I followed my own advice last week, and so I quite forcefully stayed away from media of any sort. If anything came up around the inauguration, even as little as an image, I did my best to shut it down, to let it intrude in my consciousness as little as possible. One result of that was that I wasn't aware of how much energy had developed around the protest marches that occurred the following day. Estimates of the attendance in Denver alone were in the range of 100,000 people. That's impressive.
Wow, I thought. The guy has only been president for a day. He hasn't even done anything yet. Well, except for saying all those shitty things, which is definitely more than nothing. But still, I wondered: what exactly are people saying with their protests, and what do they hope to achieve?
There's a tightrope the protests have to walk. If the protest energy is nothing more than a mirror of the right wing's approach of the last eight years--an assertion of the lack of legitimacy of everything the administration does, along with a concomitant sweeping up of the president's voters into a them that's in opposition to us--then the protests are only fueling dysfunction. The level of dysfunction in our system long ago became toxic, but fueling it will only make things radically worse.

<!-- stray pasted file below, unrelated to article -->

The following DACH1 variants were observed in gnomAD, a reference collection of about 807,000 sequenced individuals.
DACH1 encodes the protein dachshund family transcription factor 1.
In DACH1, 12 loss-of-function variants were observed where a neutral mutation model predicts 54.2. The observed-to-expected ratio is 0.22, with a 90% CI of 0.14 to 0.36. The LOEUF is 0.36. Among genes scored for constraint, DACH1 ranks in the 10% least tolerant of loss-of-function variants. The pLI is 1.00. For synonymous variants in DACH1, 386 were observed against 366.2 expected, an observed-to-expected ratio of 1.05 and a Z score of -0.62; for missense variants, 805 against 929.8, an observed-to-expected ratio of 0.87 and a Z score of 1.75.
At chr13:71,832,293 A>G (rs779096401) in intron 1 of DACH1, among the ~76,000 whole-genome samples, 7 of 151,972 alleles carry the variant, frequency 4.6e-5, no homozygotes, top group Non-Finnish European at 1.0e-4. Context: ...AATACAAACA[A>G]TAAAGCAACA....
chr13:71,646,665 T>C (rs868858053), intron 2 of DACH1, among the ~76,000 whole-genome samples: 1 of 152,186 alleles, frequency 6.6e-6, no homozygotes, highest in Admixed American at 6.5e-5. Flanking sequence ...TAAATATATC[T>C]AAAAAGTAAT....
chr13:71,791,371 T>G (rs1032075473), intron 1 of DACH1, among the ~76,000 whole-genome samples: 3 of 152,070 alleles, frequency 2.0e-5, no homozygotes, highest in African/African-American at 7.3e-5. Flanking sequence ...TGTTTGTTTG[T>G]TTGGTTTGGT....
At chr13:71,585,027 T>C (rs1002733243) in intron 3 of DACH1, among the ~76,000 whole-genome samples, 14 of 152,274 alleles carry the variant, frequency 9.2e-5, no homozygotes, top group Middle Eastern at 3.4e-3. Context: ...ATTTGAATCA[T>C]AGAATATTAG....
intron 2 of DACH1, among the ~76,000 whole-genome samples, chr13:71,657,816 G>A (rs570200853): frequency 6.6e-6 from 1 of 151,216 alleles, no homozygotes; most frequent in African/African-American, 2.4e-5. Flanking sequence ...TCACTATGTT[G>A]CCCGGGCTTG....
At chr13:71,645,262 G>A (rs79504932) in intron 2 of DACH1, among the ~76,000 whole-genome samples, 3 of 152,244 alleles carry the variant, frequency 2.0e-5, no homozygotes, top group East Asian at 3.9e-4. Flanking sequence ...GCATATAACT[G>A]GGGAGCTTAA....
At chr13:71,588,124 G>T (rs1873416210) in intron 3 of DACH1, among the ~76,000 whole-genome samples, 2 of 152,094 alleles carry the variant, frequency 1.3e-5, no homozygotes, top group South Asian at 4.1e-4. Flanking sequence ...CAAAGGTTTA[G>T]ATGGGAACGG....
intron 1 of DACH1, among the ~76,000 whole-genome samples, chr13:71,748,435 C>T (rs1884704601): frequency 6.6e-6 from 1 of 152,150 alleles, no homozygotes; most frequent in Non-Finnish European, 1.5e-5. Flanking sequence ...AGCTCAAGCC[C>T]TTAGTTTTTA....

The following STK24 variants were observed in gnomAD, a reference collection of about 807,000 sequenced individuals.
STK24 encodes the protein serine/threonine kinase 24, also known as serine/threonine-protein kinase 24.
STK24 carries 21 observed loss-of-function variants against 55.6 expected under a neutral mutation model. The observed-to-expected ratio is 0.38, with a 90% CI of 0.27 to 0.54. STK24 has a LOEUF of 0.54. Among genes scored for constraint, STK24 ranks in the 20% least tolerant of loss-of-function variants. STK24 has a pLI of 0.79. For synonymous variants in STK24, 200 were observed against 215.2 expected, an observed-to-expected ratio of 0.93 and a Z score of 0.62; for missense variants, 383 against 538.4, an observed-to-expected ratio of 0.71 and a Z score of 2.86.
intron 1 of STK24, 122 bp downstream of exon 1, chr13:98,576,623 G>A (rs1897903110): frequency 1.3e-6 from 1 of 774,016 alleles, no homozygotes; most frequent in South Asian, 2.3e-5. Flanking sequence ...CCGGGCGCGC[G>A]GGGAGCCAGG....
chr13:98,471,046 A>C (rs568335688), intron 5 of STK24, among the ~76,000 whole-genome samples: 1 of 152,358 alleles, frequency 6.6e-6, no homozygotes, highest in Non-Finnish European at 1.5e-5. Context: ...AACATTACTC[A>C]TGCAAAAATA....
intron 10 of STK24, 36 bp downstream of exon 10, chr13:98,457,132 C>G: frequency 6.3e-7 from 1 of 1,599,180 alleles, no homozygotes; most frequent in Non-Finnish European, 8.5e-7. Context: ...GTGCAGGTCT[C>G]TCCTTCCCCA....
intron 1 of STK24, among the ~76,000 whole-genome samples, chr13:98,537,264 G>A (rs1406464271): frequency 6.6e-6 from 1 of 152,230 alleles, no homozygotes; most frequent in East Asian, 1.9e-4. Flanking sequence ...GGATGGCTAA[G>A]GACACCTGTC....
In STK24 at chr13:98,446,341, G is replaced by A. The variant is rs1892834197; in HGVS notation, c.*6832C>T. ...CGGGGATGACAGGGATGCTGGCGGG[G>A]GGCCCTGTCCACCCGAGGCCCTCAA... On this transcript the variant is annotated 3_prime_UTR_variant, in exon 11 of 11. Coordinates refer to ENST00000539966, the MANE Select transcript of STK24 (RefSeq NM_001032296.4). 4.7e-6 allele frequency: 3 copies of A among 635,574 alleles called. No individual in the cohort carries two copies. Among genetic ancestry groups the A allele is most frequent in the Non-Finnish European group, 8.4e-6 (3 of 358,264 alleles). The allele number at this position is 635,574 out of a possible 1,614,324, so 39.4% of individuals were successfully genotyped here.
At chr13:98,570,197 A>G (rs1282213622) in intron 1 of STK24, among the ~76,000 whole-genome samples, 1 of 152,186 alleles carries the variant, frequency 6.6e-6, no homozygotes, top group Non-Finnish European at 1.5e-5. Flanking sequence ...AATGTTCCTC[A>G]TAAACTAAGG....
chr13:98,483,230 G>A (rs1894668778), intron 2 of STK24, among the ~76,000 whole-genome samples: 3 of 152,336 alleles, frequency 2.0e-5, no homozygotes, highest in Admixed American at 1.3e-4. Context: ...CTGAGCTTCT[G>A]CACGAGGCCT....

On the other hand, the protests could serve as a line in the sand toward Trump himself--that people aren't going to stand for his racism, his sexism, and above all the chilling Orwellian pounded-fist
demand to control all discourse--while at the same time trying to create conversation with Trump supporters, to bring in rather than push away. If that's the case, then the protests are doing good, important, constructive work.
It's not clear which way it's going to fall. In fact, right now, it's probably both. But the goal has to be the creation of greater and greater unity, not greater and greater division. Division is a form of destruction. For the past eight years (at least), we've watched destruction win. It's time for that to change.